Half Luck

Katie never kept anything because between keeping things and letting go, letting go left less room for looking back and looking back is painful.
So when she found herself in yet another situation where she was going to have to let go, she was ready because she had had a lot of practice. Then he told her that she could keep half of his luck.
No. No, she thought. Throw it away like you did with the ends of shoelaces, handwritten pencil letters in your drawers, songs made just for you on shiny CD’s, and stardust cobwebs on your heart. Throw it away like you have to throw away

fast cars through beach towns with illegal parking jobs
clumsy fingers, nylon strings
hand in hand electricity across a dance floor made
for leather soles and weathered souls
blended voice melodies like cannons in the sky that
break the ice on a shooting star, wishing across the sky like
the ice blended drinks that spilled across the floor into
laughter and 2 AM conversations about how
beautiful she was.
Like the thought of a whisper in the middle of the afternoon when her chest was full of the things
she’d let go – a prayer that it was going to be okay.
Throw it all away. Throw it away like it doesn’t feel like stepping all over wildflowers or searing your hand on the kitchen stove. Like you’ve lost a piece of what you’re looking for.

She was ready, ready, ready, unprepared and breaking but ready until he gave her that last thing to drown all her hope in. Half luck. Wouldn’t that mean three and a half years of walking under ladders for the both of them? Or did he have so much heart that the cup would always stay half full?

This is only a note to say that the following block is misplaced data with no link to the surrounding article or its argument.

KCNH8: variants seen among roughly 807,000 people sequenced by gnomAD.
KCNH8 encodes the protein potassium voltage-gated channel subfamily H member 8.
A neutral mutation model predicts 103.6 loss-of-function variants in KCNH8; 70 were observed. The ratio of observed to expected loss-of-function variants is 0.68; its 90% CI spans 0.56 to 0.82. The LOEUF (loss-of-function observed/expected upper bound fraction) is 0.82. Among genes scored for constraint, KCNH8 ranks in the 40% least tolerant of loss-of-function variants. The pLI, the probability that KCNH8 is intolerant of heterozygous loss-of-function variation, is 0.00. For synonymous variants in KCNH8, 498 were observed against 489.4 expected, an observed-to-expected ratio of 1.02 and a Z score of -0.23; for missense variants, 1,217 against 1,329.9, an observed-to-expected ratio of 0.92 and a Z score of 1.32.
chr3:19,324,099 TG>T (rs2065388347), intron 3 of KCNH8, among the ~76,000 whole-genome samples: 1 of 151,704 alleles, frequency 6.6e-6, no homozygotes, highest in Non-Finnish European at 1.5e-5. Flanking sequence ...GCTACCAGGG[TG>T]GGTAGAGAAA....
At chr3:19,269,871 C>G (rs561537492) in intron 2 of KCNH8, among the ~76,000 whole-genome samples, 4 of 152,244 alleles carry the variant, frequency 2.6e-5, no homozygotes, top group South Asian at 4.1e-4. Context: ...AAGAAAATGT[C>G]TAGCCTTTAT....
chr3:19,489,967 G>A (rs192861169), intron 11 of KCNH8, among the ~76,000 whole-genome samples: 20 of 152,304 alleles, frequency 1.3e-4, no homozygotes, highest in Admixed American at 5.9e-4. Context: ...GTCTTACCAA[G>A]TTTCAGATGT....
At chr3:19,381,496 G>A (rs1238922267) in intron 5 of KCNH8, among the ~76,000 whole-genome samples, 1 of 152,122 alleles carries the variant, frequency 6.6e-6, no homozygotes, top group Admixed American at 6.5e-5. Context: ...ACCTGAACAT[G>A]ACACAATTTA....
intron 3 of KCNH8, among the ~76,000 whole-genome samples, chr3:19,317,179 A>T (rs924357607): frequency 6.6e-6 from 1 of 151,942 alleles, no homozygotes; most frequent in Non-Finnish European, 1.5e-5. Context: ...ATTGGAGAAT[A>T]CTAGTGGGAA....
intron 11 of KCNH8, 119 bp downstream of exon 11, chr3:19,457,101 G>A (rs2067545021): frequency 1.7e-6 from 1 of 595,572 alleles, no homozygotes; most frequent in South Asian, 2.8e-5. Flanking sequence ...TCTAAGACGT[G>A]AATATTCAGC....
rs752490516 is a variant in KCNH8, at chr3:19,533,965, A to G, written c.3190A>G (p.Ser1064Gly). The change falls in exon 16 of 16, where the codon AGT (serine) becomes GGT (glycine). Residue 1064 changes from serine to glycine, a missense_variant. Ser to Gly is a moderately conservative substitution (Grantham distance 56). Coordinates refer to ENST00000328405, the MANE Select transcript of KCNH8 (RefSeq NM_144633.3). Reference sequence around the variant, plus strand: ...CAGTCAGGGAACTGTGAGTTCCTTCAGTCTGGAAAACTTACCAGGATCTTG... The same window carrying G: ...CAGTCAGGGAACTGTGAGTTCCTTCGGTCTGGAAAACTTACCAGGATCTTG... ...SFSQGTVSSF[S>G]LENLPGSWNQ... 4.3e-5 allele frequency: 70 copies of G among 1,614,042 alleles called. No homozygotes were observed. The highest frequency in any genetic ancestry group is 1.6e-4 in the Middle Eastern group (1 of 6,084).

Half full still meant half hungry and half hungry could mean half starving again. She was thirsty for reckless abandon into twilight hours. She knew to get it one day, after he went away forever, that she’d need to be really, hopelessly lucky. But for now she’d take all the luck she could get.


This story is based off of Edward Hopper’s Nighthawks.

If I hear that damn song one more time I might blow this entire setup.
Well, I was going to blow the entire setup anyway, just not in the way that we planned.
“I’ve got you, under my skin…” Frank Sinatra’s voice carries throughout the diner for what to me seems like the thirtieth time that night. It’s actually more like the fourth, but one of these people must really have someone under their skin all right because they keep choosing the song on that stupid, chintzy jukebox.
I’ve got nothing to do but wait for the signal so this whole time I’ve been trying to figure out who it is.
The diner’s got one short order cook left in the back, one guy with a huge schnoz and stained white uniform tending the counter, and one waitress taking care of all the tables. It’s not any of them. The glassy look in each of their eyes says they’ve been here almost eight hours and the only thing under their skin is bacon grease and the remarks of impolite customers. They’re probably sicker of the song than me.
“I’ve got you, deep in the heart of me…”
Maybe it’s that couple sharing the oreo milkshake in the corner booth, one of his hands on her knee under the table like they think no one can see. But I think they’re too busy staring deep into each other’s eyes to care who’s deep in the heart of whatever.